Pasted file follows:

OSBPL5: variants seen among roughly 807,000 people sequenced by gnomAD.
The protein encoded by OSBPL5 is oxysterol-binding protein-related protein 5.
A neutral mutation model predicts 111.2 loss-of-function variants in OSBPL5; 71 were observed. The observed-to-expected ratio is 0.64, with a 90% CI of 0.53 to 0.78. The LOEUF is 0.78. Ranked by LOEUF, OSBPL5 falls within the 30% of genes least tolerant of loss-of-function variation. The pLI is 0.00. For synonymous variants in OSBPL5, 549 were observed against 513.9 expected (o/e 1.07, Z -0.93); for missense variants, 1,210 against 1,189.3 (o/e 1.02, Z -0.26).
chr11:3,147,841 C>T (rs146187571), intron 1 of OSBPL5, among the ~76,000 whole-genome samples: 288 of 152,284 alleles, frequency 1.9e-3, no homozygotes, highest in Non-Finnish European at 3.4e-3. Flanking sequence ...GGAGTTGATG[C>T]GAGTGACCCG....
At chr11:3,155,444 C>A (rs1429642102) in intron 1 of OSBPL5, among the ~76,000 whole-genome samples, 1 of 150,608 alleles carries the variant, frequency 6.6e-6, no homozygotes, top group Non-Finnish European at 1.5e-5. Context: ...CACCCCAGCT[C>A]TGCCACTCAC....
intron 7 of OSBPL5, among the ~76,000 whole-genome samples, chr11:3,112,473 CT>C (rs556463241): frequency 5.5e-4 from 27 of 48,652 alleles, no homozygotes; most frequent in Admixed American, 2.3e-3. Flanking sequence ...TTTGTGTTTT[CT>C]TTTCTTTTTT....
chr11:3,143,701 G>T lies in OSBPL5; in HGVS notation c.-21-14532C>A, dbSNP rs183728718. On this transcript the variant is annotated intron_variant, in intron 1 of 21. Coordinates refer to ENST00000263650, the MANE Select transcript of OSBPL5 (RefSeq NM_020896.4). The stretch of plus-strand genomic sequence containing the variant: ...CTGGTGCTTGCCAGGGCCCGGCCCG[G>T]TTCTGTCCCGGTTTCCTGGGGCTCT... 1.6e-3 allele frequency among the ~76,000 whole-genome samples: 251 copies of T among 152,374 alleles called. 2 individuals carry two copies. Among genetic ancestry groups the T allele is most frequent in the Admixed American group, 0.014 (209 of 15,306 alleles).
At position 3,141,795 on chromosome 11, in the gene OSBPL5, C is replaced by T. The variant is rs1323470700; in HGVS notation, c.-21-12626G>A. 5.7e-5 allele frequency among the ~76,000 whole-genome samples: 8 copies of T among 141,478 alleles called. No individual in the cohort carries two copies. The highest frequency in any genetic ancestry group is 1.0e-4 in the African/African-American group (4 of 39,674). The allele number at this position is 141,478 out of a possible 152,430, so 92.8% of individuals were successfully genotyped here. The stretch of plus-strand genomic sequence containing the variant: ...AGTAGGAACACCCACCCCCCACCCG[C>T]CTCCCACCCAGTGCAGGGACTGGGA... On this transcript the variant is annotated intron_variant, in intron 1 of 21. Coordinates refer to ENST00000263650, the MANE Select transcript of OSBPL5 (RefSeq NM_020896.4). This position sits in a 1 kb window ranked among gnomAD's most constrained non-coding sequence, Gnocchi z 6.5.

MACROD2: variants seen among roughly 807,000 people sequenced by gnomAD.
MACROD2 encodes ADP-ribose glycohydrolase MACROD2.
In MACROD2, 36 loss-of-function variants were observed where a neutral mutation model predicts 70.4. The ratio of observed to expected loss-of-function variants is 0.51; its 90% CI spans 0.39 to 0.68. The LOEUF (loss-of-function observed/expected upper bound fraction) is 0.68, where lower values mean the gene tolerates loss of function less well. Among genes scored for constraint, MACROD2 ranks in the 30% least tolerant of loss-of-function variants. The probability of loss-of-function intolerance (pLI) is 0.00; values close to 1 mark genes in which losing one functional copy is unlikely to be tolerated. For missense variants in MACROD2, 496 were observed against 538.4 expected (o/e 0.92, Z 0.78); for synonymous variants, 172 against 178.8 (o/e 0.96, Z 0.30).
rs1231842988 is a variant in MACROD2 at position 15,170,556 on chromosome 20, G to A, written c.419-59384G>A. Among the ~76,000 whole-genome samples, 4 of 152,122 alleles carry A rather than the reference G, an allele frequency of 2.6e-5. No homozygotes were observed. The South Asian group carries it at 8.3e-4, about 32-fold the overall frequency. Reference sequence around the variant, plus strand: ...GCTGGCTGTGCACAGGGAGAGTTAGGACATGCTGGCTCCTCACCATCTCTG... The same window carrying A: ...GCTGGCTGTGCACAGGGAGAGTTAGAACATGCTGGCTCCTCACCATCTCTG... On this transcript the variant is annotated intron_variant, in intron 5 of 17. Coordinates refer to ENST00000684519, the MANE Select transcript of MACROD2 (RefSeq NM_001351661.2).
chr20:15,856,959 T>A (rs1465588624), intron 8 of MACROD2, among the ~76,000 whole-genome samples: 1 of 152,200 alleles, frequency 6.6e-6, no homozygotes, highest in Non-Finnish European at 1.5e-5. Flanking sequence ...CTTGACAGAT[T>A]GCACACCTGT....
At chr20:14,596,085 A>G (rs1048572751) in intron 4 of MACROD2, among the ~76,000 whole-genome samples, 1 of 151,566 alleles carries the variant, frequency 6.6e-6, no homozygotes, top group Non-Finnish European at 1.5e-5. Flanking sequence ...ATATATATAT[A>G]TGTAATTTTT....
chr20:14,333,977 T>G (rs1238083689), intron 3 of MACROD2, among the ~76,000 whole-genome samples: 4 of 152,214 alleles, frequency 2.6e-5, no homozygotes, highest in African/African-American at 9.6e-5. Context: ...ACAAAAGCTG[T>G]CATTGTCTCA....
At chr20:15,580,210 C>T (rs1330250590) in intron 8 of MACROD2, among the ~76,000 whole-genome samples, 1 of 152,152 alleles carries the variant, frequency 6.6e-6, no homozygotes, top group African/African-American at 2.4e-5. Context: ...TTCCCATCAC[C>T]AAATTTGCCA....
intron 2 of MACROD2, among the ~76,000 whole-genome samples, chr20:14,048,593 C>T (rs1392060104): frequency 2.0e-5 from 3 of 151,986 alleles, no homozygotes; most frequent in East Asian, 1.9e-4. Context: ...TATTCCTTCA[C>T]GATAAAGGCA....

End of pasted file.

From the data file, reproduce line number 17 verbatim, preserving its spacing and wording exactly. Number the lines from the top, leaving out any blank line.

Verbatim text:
intron 2 of MACROD2, among the ~76,000 whole-genome samples, chr20:14,048,593 C>T (rs1392060104): frequency 2.0e-5 from 3 of 151,986 alleles, no homozygotes; most frequent in East Asian, 1.9e-4. Context: ...TATTCCTTCA[C>T]GATAAAGGCA....